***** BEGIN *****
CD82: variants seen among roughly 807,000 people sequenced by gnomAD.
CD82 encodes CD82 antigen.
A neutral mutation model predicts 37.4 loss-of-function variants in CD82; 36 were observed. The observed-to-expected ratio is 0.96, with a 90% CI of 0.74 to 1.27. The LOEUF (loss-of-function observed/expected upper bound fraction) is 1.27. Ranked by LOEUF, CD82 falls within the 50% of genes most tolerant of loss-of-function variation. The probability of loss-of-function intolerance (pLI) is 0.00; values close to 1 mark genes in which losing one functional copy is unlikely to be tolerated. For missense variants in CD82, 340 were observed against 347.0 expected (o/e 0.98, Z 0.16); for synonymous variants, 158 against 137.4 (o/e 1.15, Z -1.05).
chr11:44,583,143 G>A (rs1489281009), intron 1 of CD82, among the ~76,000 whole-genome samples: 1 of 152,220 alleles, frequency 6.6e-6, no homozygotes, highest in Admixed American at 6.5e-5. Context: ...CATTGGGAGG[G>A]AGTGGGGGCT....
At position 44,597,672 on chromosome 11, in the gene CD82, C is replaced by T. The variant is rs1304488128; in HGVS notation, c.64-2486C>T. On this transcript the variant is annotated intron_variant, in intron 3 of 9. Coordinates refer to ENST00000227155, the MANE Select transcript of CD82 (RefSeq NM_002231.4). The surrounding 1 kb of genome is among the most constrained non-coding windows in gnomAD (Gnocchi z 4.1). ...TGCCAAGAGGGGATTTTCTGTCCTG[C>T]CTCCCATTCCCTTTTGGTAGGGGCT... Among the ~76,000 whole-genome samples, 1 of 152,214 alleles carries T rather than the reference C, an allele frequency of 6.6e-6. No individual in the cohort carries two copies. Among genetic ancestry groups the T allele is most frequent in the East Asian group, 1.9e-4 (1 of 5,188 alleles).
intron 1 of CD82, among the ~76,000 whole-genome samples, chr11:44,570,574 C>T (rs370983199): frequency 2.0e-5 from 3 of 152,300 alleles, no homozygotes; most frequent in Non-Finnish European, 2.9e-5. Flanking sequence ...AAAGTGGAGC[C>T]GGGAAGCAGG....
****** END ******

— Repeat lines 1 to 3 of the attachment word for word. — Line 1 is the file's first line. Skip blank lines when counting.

CD82: variants seen among roughly 807,000 people sequenced by gnomAD.
CD82 encodes CD82 antigen.
A neutral mutation model predicts 37.4 loss-of-function variants in CD82; 36 were observed. The observed-to-expected ratio is 0.96, with a 90% CI of 0.74 to 1.27. The LOEUF (loss-of-function observed/expected upper bound fraction) is 1.27. Ranked by LOEUF, CD82 falls within the 50% of genes most tolerant of loss-of-function variation. The probability of loss-of-function intolerance (pLI) is 0.00; values close to 1 mark genes in which losing one functional copy is unlikely to be tolerated. For missense variants in CD82, 340 were observed against 347.0 expected (o/e 0.98, Z 0.16); for synonymous variants, 158 against 137.4 (o/e 1.15, Z -1.05).